How to build a cellular IoT device with the Raspberry Pi Pico — part one, the hardware

To turn the Raspberry Pi Pico into an Internet of Things (IoT) device, you need to add wireless connectivity. I thought I’d give it go, to see how straightforward it might be to connect the Pico to cellular networks and have a bare-metal app written in C++ run the show. For a modem, I chose to use Waveshare’s suitably sized Pico SIM7080G Cat-M1/NB-IoT.

Raspberry Pi Pico piggybacking on the Waveshare cellular board

Cat-M1? NB-IoT? These are 4G-and-beyond connectivity profiles defined by the GSMA, the body that oversees world mobile telephony standards. They’re specifically intended for IoT applications. NB-IoT uses narrowband frequencies: it’s aimed at devices that communicate rarely and only transfer small amounts of data when they do. Cat-M1, aka LTE-M, on the other hand, is broadband. True, it’s not a full 4G or 5G data connection, but then it’s aimed at IoT products not phones: devices that communicate frequently but are not uploading or downloading bulk data.

The key thing about IoT is that it’s not about computers. Take the Raspberry Pi. Sure, some folk use it as the basis for IoT projects, but it’s not a ‘thing’. It’s a powerful, general purpose device being used for a single task. Things — in the IoT sense — are single-application gadgets. They have very different connectivity and security profiles than a personal computer does. You install them and largely forget about them while you focus on the functions they enable or the data they generate. They’re embedded devices, and that’s why the Pico’s RP2040 microcontroller is an ideal foundation for IoT projects and products.

Add the bundled female headers to fit a Pico

Anyway, back to the Waveshare board. It’s slightly wider and a bit longer than the Pico, which it’s designed to hold piggyback fashion. Waveshare bundles male and female header connectors. I soldered on the female headers, which accept a Pico and have a sufficient pin length to fit solidly into a solderless breadboard too. For a finished design, you could just solder the Pico right onto the Waveshare board. Even the SWD pins are present. The Waveshare is available with a variety of region-oriented modems, but I chose the global model, the 7080G.

There is one downside of the small form-factor: the U.FL antenna connector used here is even tinier than the ones you usually see on modem HATs for Pi products. This one is particularly fiddly to connect. The bundled antenna is large, chunky and heavy enough to pull the connector out on a regular basis. I don’t know how many insertions for which the U.FL connector is rated, but I must have burned through a fair few of them over the past couple of weeks.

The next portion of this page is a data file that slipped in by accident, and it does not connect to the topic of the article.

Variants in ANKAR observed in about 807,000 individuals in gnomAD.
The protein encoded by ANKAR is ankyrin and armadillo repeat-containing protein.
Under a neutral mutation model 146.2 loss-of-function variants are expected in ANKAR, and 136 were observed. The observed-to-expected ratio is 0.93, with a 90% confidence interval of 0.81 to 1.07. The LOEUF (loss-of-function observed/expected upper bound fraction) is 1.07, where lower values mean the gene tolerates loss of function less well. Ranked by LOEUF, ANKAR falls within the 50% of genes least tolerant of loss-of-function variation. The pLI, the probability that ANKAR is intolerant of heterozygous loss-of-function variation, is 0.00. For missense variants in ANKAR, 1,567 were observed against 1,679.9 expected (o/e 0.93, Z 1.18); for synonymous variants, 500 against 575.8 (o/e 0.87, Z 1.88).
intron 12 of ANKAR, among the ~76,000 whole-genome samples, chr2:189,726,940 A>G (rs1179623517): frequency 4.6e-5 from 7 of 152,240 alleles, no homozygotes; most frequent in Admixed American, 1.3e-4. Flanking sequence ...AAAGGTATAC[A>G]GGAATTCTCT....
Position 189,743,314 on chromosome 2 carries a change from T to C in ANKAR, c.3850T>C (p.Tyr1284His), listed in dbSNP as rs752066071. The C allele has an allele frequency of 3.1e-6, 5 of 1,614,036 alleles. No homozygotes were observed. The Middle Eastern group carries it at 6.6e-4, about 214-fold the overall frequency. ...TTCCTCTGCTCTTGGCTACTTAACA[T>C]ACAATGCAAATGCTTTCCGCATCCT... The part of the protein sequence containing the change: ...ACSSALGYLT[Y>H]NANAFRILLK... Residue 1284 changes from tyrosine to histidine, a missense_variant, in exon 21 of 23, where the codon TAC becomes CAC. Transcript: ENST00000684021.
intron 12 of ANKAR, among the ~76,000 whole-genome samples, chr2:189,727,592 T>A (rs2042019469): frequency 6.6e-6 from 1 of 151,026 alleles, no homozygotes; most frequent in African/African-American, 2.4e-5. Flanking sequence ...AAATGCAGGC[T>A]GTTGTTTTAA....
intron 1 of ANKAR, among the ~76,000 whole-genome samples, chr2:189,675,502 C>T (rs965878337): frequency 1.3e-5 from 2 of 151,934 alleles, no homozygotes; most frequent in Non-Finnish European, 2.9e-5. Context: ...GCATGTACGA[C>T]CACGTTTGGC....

The board has tiny, fiddly and easily disconnected U.FL antenna links

That applies to the GNSS (Global Navigation Satellite System) antenna connector too. Waveshare nicely includes an active GNSS antenna in the box. I’m saving this for later exploration. Likewise powering the setup by rechargeable battery, which the board also supports. A 3.7V LiPo battery is included in the package. You get a lot for your £25-35, depending on where you buy it from.

One other gotcha: the Waveshare board’s GND holes are connected to a large ground plane so they take a bit more time to heat up during soldering than the other holes do. Make sure you keep your iron’s tip in place longer with the GND holes, or the solder will just stick to the pin and not to the board too.

Pico and Waveshare board assembled, and with a nano SIM slotted into the board underneath — make sure it’s a 1.8V SIM; fortunately most are — it’s the software that comes next.

The Waveshare board sports a slot for 1.8V nano SIMs

I used a Twilio Super SIM, which provides access to a huge number of networks globally. Full disclosure: I work for Twilio so of course that’s what I’m going to use. However, there are plenty of alternatives out there. Super SIM provides an API-driven mechanism for sending machine-to-machine (M2M) SMS messages to a device and receiving others back. For IoT, that’s a good place to start, but I also coded in HTTP comms to talk to REST APIs.